Erin Krex spends a fair portion of her time trying to track down Alice from "
(Not the real one. That's actress
, 86 and reportedly living happily in San Antonio.)
Krex is more interested in finding Alice's real-word likeness — the full-time child wrangler, chef and housekeeper who dispenses wit and wisdom and still, as Krex puts it, "finds time to date Sam the butcher."
"She's out there," Krex says. "Alice exists. But she's not cheap."
Krex, 34, is the founder and president of First Class Care, a Northbrook-based agency that connects families with nannies, housekeepers, personal chefs and other domestic helpers who keep mom and dad and their charges from being plowed under by the daily demands of work and school and laundry and swim lessons and all the rest.
Trained as a graphic designer, Krex was in search of a qualified nanny for her son, Parker, now 7, when her idea was born. She and her husband, Steve, found the process frustrating and fruitless, especially when the woman they settled on almost burned down their house.
"I knew there had to be a better way."
She launched First Class Care in 2006 as a way to unearth (and screen) the best and brightest nannies and place them with equally wonderful families. Today, her company also offers year-round training seminars in everything from laundry ("You'd be surprised how much there is to learn about doing laundry properly") to potty training to caring for children with special needs.
"I derive a lot of satisfaction from helping others," Krex says.
Q: What's the secret to your success?
Of course now it won't be a secret, but my husband, Steve, is the secret to my success. He's incredibly supportive and helps out 200 percent with the business, home and family. He cooks dinner every single day. I could not keep it all together without him.
Q: What's your greatest possession?
Q: What's the best lesson you learned from your father or mother?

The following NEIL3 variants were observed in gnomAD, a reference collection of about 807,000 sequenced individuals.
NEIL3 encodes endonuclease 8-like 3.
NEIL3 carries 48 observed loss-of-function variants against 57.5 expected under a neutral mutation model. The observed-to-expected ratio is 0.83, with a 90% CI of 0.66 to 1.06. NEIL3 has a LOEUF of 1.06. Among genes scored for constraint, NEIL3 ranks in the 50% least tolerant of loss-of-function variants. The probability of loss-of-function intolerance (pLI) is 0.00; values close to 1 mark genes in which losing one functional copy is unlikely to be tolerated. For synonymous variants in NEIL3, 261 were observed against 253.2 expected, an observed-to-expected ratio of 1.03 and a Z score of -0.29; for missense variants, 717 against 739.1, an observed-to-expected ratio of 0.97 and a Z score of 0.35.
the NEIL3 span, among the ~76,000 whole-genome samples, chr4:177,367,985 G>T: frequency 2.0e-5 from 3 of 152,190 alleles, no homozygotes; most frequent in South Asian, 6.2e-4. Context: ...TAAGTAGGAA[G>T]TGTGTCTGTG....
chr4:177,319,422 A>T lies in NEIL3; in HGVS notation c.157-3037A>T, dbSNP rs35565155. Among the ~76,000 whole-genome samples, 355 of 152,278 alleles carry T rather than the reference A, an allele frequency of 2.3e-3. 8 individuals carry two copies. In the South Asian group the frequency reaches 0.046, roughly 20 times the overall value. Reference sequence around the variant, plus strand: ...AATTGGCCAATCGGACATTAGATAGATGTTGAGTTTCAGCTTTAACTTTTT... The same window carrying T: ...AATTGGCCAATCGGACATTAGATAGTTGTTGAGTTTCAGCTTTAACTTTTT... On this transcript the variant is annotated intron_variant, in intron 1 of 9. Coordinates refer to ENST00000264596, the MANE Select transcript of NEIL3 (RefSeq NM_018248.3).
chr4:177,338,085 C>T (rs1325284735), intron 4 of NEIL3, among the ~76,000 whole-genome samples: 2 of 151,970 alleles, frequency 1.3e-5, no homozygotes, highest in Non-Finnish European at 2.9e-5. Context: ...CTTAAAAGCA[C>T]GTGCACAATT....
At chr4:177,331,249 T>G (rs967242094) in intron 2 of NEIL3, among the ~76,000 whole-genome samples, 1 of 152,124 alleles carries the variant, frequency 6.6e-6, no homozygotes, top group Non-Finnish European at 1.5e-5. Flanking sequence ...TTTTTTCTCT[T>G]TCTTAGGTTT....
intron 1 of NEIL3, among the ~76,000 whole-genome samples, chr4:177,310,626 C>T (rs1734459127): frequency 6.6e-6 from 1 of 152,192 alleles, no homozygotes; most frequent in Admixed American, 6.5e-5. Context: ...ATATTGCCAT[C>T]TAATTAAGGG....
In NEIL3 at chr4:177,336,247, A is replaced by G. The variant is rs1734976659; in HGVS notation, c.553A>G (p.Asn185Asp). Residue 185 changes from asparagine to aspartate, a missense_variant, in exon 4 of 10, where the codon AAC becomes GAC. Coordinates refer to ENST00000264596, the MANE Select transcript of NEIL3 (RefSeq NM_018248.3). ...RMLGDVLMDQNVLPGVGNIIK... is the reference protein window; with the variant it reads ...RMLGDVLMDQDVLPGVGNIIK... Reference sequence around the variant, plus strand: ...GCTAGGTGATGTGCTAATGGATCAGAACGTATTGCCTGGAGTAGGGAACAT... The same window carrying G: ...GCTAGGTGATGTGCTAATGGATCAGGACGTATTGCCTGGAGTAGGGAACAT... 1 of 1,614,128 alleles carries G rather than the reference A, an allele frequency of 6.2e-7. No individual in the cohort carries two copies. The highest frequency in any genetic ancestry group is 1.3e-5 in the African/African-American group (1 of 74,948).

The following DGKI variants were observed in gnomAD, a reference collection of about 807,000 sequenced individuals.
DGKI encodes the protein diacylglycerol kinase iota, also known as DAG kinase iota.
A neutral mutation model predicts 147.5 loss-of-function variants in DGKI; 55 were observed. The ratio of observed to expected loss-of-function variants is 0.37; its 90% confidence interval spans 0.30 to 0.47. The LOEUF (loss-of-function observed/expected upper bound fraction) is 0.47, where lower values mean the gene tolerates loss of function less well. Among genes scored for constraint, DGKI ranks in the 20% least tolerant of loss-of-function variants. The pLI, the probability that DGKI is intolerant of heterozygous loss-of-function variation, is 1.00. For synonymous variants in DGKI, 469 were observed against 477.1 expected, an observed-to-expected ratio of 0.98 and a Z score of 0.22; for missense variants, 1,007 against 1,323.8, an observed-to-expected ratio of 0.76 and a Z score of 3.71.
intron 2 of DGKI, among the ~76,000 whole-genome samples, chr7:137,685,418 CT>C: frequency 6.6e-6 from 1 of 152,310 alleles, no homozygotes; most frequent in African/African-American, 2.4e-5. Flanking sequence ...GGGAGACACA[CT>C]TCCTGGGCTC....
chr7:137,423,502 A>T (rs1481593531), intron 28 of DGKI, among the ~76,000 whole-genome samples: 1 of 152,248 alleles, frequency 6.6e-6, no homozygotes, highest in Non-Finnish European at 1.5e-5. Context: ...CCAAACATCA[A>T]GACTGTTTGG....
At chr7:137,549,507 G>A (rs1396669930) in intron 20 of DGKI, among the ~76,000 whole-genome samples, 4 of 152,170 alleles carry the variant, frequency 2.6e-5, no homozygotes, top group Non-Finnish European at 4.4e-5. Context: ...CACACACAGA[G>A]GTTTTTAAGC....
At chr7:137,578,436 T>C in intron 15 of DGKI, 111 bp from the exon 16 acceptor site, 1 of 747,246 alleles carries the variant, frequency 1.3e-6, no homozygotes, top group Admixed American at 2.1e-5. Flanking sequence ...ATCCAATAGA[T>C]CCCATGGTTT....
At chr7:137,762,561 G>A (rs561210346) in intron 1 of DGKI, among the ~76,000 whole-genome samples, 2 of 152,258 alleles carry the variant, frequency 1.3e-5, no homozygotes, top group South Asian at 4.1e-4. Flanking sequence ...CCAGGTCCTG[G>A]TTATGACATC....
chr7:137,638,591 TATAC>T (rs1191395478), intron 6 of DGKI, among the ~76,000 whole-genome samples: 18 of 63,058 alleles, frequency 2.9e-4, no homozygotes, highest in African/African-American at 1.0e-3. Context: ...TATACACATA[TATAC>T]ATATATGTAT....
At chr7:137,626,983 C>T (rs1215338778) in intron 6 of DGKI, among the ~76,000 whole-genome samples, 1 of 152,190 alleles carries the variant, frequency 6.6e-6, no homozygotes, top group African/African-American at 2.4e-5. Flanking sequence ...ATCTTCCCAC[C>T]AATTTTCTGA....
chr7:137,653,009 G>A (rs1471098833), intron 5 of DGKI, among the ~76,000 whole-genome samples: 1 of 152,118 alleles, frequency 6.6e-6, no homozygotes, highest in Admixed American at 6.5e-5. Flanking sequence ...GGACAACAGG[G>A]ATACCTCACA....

A: My father taught me to have a solid work ethic. I learned from my mother to follow my passion and do the kind of work that makes me happy.
Q: What's your biggest mistake?
A: My biggest mistake — but I'm learning — is to try to do everything myself. I'm not unlike a lot of entrepreneurs who are guilty of the same thing, but at the end of the day it's better to let someone else pick up the slack so that I can focus on what I'm really good at and where I'm truly needed.
Q: What was the biggest surprise about running your own business?
A: Early on, I thought being an business owner would allow me to come and go as I pleased — for vacations, doctors appointments, parent/teacher conferences and other personal commitments.
Those conferences and school plays, too, are sacrosanct, so I get to those, but I rarely leave for a full day or full week for that matter. We are a customer service business that requires 24/7 support.
Q: Which side gets cheated more often: Personal or professional?
A: Definitely personal. I often work seven days a week, but even during those times I make sure to squeeze in moments for my family.
Q: If I only knew then ...
A: I would have networked a lot more in the beginning. Networking with other entrepreneurs has been amazing for my business and personal life.
Q: What did you want to be at age 13?
A: When I was 13 I wanted to be an artist. I loved to be draw and paint. I followed this passion by going to school to become a graphic designer.
Q: What's the one thing your mother never told you?
A: My mother never told me how hard it is to do it all. She made it seem so easy!
Learn more about First Class Care at